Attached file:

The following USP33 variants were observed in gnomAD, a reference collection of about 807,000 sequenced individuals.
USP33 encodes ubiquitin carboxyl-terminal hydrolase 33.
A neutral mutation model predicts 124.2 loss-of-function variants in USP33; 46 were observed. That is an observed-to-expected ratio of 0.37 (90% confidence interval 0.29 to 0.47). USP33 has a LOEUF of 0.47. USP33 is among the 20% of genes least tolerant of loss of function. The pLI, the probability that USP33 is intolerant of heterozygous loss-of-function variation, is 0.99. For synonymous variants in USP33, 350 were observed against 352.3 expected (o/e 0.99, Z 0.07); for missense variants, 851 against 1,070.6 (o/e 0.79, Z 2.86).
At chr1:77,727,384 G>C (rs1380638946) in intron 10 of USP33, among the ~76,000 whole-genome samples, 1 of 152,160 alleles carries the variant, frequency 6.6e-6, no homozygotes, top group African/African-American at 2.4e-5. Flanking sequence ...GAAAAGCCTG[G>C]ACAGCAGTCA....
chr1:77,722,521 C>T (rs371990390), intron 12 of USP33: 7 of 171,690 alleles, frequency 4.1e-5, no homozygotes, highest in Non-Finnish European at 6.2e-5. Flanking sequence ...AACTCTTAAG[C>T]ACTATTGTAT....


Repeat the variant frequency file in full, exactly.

The following USP33 variants were observed in gnomAD, a reference collection of about 807,000 sequenced individuals.
USP33 encodes ubiquitin carboxyl-terminal hydrolase 33.
A neutral mutation model predicts 124.2 loss-of-function variants in USP33; 46 were observed. That is an observed-to-expected ratio of 0.37 (90% confidence interval 0.29 to 0.47). USP33 has a LOEUF of 0.47. USP33 is among the 20% of genes least tolerant of loss of function. The pLI, the probability that USP33 is intolerant of heterozygous loss-of-function variation, is 0.99. For synonymous variants in USP33, 350 were observed against 352.3 expected (o/e 0.99, Z 0.07); for missense variants, 851 against 1,070.6 (o/e 0.79, Z 2.86).
At chr1:77,727,384 G>C (rs1380638946) in intron 10 of USP33, among the ~76,000 whole-genome samples, 1 of 152,160 alleles carries the variant, frequency 6.6e-6, no homozygotes, top group African/African-American at 2.4e-5. Flanking sequence ...GAAAAGCCTG[G>C]ACAGCAGTCA....
chr1:77,722,521 C>T (rs371990390), intron 12 of USP33: 7 of 171,690 alleles, frequency 4.1e-5, no homozygotes, highest in Non-Finnish European at 6.2e-5. Flanking sequence ...AACTCTTAAG[C>T]ACTATTGTAT....